I know the expression is ‘don’t judge a book by its cover’ but we do. We just do. That’s why anyone in the publishing biz from writers to editors to sales and marketing folk will tell you a great cover will sell a book. Particularly a debut book. For debut authors, a great cover will mean the difference between turning off girl readers, attracting boy readers, looking too childish as well as a whole host of perils that writers making black marks on a white page never think about.
Joshua McCune’s debut young adult novel TALKER 25 has a great cover. No. A kick butt cover. Today, on the launch week of TALKER 25, Paul Zakris, Art Director at Greenwillow Books, is joining Emu’s Debuts to talk about how the Talker 25 cover evolved and why he loves it as much as we do.
Zakris has been designing children’s books for almost twenty-five years. Twelve years ago, Virginia Duncan, vice president and publisher of Greenwillow Books, recruited him to be the art director at Greenwillow Books where he oversees everything from board books to young adult novels. “Because Greenwillow is a boutique imprint, I do see everything,” says Zakris. “I’m not in on the acquisitions meetings but I do hear about manuscripts soon after they are acquired.”
As soon as Duncan gave him the manuscript, Zakris loved TALKER 25. “It’s my kind of book. Sci-fi, dystopian, action adventure with a dark side. A future with dragons in the world and a government cover up. What’s not to love? I like that it’s a boy book with a lot of action. But it’s gritty and dark with a female heroine.”
“Once we’ve acquired a book, we have a jacket strategy meeting pretty early on,” says Zakris. “That’s when we meet with the publisher and head of sales and marketing and we talk about what we want to show. Do we want a character cover? Which one? The girl? Or do we want to focus on the love interest? Or maybe we want to go with something a bit more iconic? We pretty much bring every idea to the table.”
Zakris says he initially focused on the characters. “I went with a tough girl and the three dragon colors.” But the group felt like focusing on a girl might skew the appeal away from boys. “Once I had that feedback, I knew we were headed into a more iconic direction. Except we couldn’t put a dragon or even a dragon’s eye on the cover because dragons on the cover signal middle grade and this is definitely a teen book.”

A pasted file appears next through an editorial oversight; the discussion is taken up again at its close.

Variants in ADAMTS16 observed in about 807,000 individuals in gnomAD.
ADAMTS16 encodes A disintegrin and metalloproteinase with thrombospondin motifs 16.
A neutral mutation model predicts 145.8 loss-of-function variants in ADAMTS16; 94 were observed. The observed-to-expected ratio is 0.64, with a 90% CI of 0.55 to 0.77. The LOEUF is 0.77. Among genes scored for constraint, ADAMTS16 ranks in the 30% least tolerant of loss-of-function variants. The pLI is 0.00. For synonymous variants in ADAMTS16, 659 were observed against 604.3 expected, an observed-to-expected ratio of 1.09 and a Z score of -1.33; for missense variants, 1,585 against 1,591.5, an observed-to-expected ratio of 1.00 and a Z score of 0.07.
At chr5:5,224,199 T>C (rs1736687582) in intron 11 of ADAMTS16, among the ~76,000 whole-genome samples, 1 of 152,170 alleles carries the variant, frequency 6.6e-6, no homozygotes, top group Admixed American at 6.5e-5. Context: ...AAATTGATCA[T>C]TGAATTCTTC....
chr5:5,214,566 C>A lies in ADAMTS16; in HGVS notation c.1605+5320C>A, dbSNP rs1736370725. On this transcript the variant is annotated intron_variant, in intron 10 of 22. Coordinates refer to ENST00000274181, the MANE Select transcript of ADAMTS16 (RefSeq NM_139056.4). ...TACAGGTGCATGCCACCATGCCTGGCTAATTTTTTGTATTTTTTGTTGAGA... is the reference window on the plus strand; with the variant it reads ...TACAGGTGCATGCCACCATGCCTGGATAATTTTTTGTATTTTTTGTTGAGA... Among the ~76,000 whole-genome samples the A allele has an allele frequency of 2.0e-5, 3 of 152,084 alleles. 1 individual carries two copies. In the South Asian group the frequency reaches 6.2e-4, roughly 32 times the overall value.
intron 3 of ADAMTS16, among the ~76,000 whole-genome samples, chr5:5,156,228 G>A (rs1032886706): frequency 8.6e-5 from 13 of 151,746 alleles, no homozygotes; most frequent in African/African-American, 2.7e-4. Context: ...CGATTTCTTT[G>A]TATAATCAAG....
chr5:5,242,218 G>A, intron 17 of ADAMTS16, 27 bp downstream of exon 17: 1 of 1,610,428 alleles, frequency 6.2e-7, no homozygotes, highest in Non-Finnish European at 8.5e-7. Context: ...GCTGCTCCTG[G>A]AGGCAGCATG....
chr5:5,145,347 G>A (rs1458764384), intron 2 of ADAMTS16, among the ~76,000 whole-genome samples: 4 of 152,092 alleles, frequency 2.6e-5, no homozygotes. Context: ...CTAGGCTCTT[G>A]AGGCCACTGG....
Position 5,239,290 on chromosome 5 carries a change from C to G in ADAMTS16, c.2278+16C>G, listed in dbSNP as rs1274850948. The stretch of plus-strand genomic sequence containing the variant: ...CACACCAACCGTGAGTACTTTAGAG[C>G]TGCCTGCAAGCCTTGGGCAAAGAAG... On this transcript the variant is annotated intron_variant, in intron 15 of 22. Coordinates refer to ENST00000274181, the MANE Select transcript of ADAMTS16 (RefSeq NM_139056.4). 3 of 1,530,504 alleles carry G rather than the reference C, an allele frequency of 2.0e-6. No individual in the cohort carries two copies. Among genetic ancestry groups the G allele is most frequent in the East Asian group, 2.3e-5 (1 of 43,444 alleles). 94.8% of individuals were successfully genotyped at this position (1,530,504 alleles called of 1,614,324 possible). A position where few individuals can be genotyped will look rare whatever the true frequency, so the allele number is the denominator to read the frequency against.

At this point, Zakris decided to bring in one of the best designers of iconic covers in the business: Sammy Yuen (Remember the cover of Ellen Hopkins’ cover CRANK? That was Sammy Yuen.) “I oversee a lot of freelance designers,” says Zakris. “I may get to start on a project but because we are small house, I have to reach out to many designers. This kind of collaboration is one of the many things I love about my job.”
Zakris gave Yuen the TALKER 25 manuscript, a summary and a few guidelines. “I told him we wanted it to be gritty with kind of a military aspect but also incorporate dragons. He worked on it for a few months and came back with six or seven versions with twenty or thirty comps.”
Yuen nailed it. The logo had a military feel. With a dragon in it. And the distressed metal was the perfect background to suggest grit and war and darkness.
Because the cover was so extraordinary, Zakris looked for other ways to make it pop. “We printed it on foil. In other words, we did four-color print but accentuated with foil so it pops even more. As a result, the distressed metal has more depth and grit. I think the jacket conveys cool and serious at the same time.”
Once the cover was done, Zakris got busy with the interior design elements. He carried the distressed metal background through the section breaks. Also the first word of each chapter links to the logo style. “I also wanted the type to be more adult looking, smaller but still readable. I wanted the font to be high tech looking. The chapter breaks are simple black numbers. It has a really clean look.” Yuen has begun work designing the second book of TALKER 25. “Sammy has all the elements to play with. It has to relate to TALKER 25 but also be different.”
Who gets final say over a cover design? Is it the art director or the editor or the head of sales and marketing? “Actually,” says Zakris. “Everyone has to be in agreement. There’s a real back and forth in our process. We want everyone to be excited. We want sales and marketing to go to Barnes & Noble with a book cover that they like because it makes it easier for them to sell the book. But all of us want the cover to be great because we think the book is great.”
We, over here at Emu’s Debuts, think this cover kicks some serious butt, Paul Zakris and Sammy Yuen. So go ahead, world, judge this book by its cover because the story that Joshua McCune tells in TALKER 25 follows through on the promise.
Remember: Comment on any post this week, Monday thru Thursday, to be entered to win a signed hardback copy. The winner will be announced on Friday.